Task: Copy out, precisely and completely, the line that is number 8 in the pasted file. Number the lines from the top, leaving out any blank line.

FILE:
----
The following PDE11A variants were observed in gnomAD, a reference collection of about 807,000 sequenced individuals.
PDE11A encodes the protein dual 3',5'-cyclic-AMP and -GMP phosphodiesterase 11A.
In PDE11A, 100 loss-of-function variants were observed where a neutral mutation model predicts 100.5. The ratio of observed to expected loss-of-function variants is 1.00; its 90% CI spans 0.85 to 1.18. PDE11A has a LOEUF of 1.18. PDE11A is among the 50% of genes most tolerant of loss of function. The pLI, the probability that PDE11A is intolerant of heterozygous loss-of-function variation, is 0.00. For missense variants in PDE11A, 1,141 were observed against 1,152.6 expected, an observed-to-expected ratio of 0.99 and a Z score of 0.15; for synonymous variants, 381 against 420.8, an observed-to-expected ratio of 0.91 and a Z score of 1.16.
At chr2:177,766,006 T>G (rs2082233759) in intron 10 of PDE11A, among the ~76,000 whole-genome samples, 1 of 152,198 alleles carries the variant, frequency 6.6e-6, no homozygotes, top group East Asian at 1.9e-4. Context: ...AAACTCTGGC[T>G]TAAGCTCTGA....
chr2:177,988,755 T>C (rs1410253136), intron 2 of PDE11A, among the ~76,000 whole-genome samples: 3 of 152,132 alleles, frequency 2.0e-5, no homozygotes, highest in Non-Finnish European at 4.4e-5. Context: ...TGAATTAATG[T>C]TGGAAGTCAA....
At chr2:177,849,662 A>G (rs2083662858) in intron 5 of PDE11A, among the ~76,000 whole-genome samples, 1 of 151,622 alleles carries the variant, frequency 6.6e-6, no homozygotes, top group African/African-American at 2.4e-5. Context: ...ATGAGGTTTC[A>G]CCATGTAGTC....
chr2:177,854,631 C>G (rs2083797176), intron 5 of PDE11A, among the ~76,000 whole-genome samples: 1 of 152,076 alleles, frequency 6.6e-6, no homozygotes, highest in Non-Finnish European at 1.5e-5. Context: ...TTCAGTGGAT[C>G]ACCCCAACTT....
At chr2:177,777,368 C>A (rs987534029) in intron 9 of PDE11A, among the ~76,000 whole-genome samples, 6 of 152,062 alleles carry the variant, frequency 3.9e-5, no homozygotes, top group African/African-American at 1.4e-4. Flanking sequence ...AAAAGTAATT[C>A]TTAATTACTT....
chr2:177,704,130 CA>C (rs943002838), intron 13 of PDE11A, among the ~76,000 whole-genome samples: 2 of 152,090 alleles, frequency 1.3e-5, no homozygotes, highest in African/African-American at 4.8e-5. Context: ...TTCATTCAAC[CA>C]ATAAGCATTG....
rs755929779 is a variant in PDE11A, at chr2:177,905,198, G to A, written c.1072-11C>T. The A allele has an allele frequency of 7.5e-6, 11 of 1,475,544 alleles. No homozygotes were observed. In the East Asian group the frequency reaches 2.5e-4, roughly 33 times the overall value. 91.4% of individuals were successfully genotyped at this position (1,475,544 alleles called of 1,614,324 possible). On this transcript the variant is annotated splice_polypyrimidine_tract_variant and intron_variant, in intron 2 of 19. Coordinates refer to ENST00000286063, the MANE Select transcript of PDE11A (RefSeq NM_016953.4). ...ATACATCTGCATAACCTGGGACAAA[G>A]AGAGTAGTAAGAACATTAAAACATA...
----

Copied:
At chr2:177,777,368 C>A (rs987534029) in intron 9 of PDE11A, among the ~76,000 whole-genome samples, 6 of 152,062 alleles carry the variant, frequency 3.9e-5, no homozygotes, top group African/African-American at 1.4e-4. Flanking sequence ...AAAAGTAATT[C>A]TTAATTACTT....